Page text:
This e-learning course provides the basic skills for designing development and humanitarian programs that support psychosocial well-being and do no harm. It is designed for practitioners who already have a basic understanding of the project cycle, and have worked, or are working, with vulnerable populations in low-resource or crisis environments.

Please note this course does not offer a certificate upon completion.

Course Overview

This e-learning course aims to build the capacity of international development and humanitarian aid practitioners to design projects and programs so they are appropriately responsive to psycho-social/mental health needs and in turn contribute to improving outcomes for project participants. Specifically, the course aims to equip participants with the following knowledge and skills:


Chapter 1: Introduction, Rationale, and Key Concepts

This chapter introduces key concepts in mental health and psychosocial support, and gives an overview of the impacts of stress and adversity on the individual and collective levels, and presents a framework for understanding different levels of intervention in emergency and crisis settings. Finally, we cover basic ethical principles to ensure your program does no harm.

Chapter 2: MHPSS Assessment, Monitoring, and Evaluation

Because psychosocial well-being is highly context-specific, it is important to know how people conceptualize well-being in your project area. In this chapter, you’ll learn how to conduct rigorous assessments of psychosocial needs and existing coping resources, and how to set up monitoring and evaluation systems to measure changes in psychosocial well-being.

Chapter 3: Components of Integrated Psychosocial Interventions in Development and Humanitarian Programming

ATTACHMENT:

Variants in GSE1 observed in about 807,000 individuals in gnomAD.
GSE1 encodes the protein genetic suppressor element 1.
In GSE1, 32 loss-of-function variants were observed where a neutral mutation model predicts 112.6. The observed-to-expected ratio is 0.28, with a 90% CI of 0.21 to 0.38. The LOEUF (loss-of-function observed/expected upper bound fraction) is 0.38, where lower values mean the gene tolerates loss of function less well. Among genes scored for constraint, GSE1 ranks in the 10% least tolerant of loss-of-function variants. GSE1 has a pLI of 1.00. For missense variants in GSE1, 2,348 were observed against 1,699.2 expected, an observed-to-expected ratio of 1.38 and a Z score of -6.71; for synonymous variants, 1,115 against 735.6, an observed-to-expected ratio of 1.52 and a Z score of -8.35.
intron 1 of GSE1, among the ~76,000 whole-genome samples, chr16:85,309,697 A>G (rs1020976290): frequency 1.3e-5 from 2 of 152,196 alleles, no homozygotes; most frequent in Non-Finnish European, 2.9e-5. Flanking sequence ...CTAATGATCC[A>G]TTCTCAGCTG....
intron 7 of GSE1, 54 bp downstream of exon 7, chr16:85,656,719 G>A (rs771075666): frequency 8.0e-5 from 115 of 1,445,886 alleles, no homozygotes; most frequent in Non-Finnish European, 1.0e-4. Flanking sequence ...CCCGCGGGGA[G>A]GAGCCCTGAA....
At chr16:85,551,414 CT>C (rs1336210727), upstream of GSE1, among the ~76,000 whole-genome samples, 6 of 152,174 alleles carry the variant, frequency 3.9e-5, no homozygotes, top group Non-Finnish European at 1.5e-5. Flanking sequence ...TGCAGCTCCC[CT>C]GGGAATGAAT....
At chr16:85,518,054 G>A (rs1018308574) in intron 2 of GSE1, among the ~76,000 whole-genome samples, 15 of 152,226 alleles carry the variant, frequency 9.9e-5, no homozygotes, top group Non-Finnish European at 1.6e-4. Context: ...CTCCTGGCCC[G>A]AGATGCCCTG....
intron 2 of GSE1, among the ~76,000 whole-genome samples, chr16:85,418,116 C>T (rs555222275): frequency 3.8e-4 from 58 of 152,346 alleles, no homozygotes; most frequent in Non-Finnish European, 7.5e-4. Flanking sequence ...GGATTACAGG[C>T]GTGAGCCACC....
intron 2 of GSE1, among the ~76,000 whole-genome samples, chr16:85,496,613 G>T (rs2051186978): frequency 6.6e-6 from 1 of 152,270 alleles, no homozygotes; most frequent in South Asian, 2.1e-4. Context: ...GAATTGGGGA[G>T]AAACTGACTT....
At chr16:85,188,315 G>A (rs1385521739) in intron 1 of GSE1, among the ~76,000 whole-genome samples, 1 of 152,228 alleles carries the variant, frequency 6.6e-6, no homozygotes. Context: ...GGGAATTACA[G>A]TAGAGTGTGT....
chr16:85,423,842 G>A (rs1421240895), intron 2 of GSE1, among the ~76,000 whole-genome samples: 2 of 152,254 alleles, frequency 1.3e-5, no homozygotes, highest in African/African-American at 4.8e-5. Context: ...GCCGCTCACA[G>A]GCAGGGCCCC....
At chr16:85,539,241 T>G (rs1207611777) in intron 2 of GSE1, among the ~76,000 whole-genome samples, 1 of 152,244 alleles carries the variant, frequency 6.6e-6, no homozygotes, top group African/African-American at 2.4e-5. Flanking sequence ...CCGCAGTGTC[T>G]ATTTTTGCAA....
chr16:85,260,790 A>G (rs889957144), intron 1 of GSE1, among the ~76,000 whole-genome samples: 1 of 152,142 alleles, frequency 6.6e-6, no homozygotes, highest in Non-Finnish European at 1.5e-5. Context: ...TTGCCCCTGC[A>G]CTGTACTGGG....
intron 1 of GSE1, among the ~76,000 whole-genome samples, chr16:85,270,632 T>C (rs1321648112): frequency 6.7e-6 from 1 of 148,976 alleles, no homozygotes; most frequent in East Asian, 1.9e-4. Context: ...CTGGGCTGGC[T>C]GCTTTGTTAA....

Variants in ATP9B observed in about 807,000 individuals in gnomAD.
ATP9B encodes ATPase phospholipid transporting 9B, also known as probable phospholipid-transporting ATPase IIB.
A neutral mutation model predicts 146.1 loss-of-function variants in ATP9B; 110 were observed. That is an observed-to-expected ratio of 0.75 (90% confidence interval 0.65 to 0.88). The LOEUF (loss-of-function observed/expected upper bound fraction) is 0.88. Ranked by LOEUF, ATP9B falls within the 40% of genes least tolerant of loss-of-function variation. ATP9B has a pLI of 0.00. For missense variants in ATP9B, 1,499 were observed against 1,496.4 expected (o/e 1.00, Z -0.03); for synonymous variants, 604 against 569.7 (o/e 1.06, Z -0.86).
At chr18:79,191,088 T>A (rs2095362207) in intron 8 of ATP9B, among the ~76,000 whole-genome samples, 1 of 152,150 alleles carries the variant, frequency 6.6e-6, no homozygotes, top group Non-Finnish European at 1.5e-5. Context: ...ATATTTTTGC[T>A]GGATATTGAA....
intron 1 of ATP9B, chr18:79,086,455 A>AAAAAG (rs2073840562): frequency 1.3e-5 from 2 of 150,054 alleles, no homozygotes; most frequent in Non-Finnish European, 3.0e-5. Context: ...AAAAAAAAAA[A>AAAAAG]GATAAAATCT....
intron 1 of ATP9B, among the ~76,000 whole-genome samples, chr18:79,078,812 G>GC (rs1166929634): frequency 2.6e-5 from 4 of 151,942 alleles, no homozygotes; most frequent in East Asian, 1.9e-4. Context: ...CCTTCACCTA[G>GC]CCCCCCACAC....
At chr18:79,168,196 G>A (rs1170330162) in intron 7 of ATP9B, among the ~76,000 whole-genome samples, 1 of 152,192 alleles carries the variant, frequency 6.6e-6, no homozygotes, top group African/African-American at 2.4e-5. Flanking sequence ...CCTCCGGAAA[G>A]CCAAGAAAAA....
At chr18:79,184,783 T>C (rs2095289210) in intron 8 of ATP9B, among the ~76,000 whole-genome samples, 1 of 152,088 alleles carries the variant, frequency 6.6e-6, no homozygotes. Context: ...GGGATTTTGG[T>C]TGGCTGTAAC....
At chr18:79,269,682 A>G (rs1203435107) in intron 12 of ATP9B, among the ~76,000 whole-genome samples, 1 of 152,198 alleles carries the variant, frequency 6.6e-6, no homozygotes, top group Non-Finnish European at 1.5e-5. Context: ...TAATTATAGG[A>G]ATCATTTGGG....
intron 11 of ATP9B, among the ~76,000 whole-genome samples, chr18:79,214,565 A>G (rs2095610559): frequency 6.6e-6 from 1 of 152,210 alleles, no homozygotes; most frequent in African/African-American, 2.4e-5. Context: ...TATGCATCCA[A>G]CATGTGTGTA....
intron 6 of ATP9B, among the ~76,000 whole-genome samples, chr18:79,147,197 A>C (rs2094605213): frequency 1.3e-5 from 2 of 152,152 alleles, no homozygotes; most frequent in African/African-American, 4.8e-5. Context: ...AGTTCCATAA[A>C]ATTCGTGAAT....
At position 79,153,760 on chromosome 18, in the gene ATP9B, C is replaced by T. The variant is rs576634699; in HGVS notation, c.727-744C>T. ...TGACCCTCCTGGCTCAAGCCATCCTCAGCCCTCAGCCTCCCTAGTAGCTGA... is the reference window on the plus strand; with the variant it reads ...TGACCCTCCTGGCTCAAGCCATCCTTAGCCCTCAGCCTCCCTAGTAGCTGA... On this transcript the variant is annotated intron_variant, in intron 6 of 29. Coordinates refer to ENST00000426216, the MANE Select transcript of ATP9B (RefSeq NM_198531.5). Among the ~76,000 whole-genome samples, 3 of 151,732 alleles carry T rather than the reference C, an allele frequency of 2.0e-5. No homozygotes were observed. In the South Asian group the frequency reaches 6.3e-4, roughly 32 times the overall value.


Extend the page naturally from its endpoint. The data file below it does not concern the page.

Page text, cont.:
This chapter guides participants in designing projects that are sensitive to psychosocial needs, and/or that directly work to enhance psychosocial well-being at the individual, family and community levels. This chapter helps you see how your project fits into a broader framework of support, and guides you in knowing how and when to refer people to more specialized services. Finally, it offers guidance for staffing and supervision at the different levels.

Related Publications

Ethiopia’s Worsening Crisis Threatens Regional, Middle East Security

Ethiopia’s Worsening Crisis Threatens Regional, Middle East Security

Wednesday, January 13, 2021

By: Payton Knopf; Jeffrey Feltman

The Gulf Arabs recognize a strategic reality that has eluded the stove-piped U.S. foreign and security policy bureaucracy for too long: The Horn of Africa is an integral part of the Middle East’s security landscape, and increasingly so. No country demonstrates this more clearly than Ethiopia. That country’s escalating internal crises pose an increasingly grave threat not only to the country’s citizens but to international peace and security and to the interests of the United States and its partners in the Middle East, principally Egypt, Saudi Arabia and the United Arab Emirates (UAE).

Type: Analysis and Commentary

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A Year After Soleimani Strike, Iraq Bears the Brunt of U.S.-Iran Tensions

A Year After Soleimani Strike, Iraq Bears the Brunt of U.S.-Iran Tensions

Wednesday, January 6, 2021

By: Dr. Elie Abouaoun; Sarhang Hamasaeed

The January 3, 2020 U.S. drone strike that killed powerful Iranian commander Qassem Soleimani on Iraqi soil marked an escalation in already simmering U.S.-Iran tensions. For Iraqi leaders, the Soleimani strike exacerbated an already challenging balancing act in maintaining Baghdad’s relationships with the United States and Iran, with whom it shares a long border and religious and social ties. During the past tumultuous year for Iraq, U.S. forces and Iranian-allied armed groups engaged in tit-for-tat attacks in Iraq. USIP’s Elie Abouaoun and Sarhang Hamasaeed look at how U.S.-Iran tensions played out last year in Iraq and the region and if the incoming U.S. administration, and its desire to reengage in nuclear talks with Iran, could help allay the impact on Iraq.

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